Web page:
Monday, September 21, 2020

U.S. and global markets slide as tensions rise with China

May 04. 2020
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By The Washington Post · Jacob Bogage · BUSINESS, US-GLOBAL-MARKETS 

Stocks dropped sharply to open the week after several states began loosening coronavirus lockdown mandates and as tensions grew between the United States and China over the handling of the outbreak.

Secretary of State Mike Pompeo said Sunday there was "enormous evidence" the virus had come from a lab in China, though that pronouncement conflicts with emerging scientific consensus about the disease's origin. President Donald Trump is said to be intent on punishing Beijing over the spread of the coronavirus, which has now infected more than 1 million Americans, and he has threatened to impose new tariffs.

"Punishing China is definitely where the president's head is at right now," one senior adviser told The Washington Post last week.

The Dow Jones industrial average dropped 240 points, or 1.1%, at the open. The Standard & Poor's 500 and Nasdaq also trended lower.

Global markets sank. Japan's Nikkei index fell 2.8%, the Hang Sang in Hong Kong plunged 4.1% and the German DAX gave back 3.5%.

Airline stocks tumbled premarket after Warren Buffett announced that Berkshire Hathaway had sold all its airline holdings because of the outbreak. United Airlines plunged 10%, American Airlines skid more than 11.4% and Southwest slid 6.5%.

"The world has changed for the airlines, and I don't know how it's changed and I hope it corrects itself in a reasonably prompt way," Buffett said at Berkshire Hathaway's annual investors' meeting. "I don't know if Americans have now changed their habits or will change their habits because of the extended period."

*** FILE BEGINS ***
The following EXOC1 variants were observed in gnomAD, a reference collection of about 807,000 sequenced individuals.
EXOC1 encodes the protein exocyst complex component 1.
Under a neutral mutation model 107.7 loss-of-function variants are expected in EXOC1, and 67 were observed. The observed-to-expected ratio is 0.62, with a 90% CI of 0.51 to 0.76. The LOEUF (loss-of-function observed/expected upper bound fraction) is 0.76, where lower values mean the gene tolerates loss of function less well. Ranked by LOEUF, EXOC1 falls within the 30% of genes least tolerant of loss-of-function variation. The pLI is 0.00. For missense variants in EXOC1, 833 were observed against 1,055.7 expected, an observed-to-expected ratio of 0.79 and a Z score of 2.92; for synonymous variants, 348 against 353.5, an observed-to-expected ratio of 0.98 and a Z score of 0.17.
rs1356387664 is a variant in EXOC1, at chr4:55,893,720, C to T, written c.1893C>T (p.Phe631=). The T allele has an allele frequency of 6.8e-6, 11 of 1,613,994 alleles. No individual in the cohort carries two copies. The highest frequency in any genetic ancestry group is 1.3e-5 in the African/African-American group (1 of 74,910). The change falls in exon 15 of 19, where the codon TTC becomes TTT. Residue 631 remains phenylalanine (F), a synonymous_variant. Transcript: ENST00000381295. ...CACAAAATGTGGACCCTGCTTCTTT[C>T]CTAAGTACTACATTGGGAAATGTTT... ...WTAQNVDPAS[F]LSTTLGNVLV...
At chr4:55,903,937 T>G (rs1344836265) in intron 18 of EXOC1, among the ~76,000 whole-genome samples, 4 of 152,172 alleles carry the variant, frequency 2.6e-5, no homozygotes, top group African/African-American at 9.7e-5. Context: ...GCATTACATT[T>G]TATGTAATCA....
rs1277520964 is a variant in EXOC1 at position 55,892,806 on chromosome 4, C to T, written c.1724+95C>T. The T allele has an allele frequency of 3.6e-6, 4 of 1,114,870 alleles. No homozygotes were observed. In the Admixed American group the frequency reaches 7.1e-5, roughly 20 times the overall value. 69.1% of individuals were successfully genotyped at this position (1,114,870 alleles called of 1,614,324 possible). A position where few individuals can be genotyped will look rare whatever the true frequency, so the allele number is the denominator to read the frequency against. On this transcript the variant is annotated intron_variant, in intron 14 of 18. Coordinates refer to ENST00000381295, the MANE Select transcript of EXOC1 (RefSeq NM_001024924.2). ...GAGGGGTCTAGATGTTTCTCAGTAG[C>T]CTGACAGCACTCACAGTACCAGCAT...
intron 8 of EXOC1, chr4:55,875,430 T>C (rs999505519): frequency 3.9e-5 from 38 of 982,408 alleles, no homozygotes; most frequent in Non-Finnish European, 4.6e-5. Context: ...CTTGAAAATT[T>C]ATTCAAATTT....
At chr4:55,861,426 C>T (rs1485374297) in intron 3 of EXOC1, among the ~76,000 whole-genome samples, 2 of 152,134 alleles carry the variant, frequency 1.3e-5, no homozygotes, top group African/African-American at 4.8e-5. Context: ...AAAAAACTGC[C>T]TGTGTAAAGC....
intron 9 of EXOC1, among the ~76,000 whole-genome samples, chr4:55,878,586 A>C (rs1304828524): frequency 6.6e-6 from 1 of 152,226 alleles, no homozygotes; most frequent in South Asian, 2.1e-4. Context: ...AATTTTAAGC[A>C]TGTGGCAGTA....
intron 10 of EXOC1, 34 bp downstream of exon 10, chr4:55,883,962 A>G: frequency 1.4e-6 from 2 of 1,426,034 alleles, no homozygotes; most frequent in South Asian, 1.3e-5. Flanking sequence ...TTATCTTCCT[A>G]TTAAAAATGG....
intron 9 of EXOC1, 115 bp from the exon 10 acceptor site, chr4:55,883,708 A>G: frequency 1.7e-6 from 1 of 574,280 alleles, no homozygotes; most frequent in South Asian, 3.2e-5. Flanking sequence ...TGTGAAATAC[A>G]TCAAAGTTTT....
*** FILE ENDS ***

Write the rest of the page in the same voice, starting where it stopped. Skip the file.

April marked Wall Street's best month in 33 years, with the S&P 500 surging 12.7%. Market analysts are closely watching consumer behavior during this first week of May as some states begin slowly opening their economies, many against the recommendations of public health experts. Twenty-four states are partially reopening this week as stay-at-home orders expire and governors allow certain retail establishments, including restaurants, to resume service.

Trump has backed protesters in other states who have swarmed state capitals - often armed with rifles - with calls to "LIBERATE" those states.

Meanwhile the consequences of steep losses from the past quarter have come into sharper relief. The GDP fell 4.8% even as the economic shutdown lasted only half the quarter. More than 30 million Americans are out of work and the unemployment rate has reached levels comparable to the Great Depression.

Preppy fashion retailer J. Crew was the latest corporate victim to fall. It filed for Chapter 11 bankruptcy protection early Monday and will convert $1.65 billion worth of debt into equity.

"If the economy fell this hard in the first quarter, with less than a month of pandemic lockdown for most states," said Chris Rupkey of MUFG Bank, "don't ask how far it will crater in the second quarter because it is going to be a complete disaster."


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